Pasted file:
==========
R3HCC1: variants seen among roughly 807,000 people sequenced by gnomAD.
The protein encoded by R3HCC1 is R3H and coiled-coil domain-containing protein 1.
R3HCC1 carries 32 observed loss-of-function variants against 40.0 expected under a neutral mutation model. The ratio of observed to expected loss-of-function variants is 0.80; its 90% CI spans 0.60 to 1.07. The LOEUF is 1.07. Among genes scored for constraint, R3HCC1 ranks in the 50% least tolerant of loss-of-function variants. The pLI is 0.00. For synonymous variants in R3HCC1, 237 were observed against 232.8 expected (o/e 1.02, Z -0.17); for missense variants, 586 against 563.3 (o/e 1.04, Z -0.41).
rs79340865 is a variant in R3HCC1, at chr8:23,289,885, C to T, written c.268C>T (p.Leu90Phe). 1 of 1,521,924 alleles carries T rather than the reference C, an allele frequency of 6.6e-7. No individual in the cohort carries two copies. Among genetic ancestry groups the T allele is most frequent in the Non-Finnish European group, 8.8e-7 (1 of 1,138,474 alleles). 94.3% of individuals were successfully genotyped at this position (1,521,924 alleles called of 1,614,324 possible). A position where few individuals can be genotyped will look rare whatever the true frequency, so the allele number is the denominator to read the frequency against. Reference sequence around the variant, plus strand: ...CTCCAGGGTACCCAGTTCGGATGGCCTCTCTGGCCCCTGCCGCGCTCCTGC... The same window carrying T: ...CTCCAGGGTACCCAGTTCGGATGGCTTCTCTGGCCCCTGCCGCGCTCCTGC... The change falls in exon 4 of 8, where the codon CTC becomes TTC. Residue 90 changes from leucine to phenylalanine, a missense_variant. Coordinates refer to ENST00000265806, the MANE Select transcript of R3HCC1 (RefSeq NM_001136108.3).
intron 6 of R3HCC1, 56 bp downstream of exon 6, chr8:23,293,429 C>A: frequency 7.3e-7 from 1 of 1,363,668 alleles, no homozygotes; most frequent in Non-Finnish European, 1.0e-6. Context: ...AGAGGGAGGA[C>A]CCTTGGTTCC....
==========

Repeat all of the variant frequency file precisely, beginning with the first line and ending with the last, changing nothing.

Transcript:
R3HCC1: variants seen among roughly 807,000 people sequenced by gnomAD.
The protein encoded by R3HCC1 is R3H and coiled-coil domain-containing protein 1.
R3HCC1 carries 32 observed loss-of-function variants against 40.0 expected under a neutral mutation model. The ratio of observed to expected loss-of-function variants is 0.80; its 90% CI spans 0.60 to 1.07. The LOEUF is 1.07. Among genes scored for constraint, R3HCC1 ranks in the 50% least tolerant of loss-of-function variants. The pLI is 0.00. For synonymous variants in R3HCC1, 237 were observed against 232.8 expected (o/e 1.02, Z -0.17); for missense variants, 586 against 563.3 (o/e 1.04, Z -0.41).
rs79340865 is a variant in R3HCC1, at chr8:23,289,885, C to T, written c.268C>T (p.Leu90Phe). 1 of 1,521,924 alleles carries T rather than the reference C, an allele frequency of 6.6e-7. No individual in the cohort carries two copies. Among genetic ancestry groups the T allele is most frequent in the Non-Finnish European group, 8.8e-7 (1 of 1,138,474 alleles). 94.3% of individuals were successfully genotyped at this position (1,521,924 alleles called of 1,614,324 possible). A position where few individuals can be genotyped will look rare whatever the true frequency, so the allele number is the denominator to read the frequency against. Reference sequence around the variant, plus strand: ...CTCCAGGGTACCCAGTTCGGATGGCCTCTCTGGCCCCTGCCGCGCTCCTGC... The same window carrying T: ...CTCCAGGGTACCCAGTTCGGATGGCTTCTCTGGCCCCTGCCGCGCTCCTGC... The change falls in exon 4 of 8, where the codon CTC becomes TTC. Residue 90 changes from leucine to phenylalanine, a missense_variant. Coordinates refer to ENST00000265806, the MANE Select transcript of R3HCC1 (RefSeq NM_001136108.3).
intron 6 of R3HCC1, 56 bp downstream of exon 6, chr8:23,293,429 C>A: frequency 7.3e-7 from 1 of 1,363,668 alleles, no homozygotes; most frequent in Non-Finnish European, 1.0e-6. Context: ...AGAGGGAGGA[C>A]CCTTGGTTCC....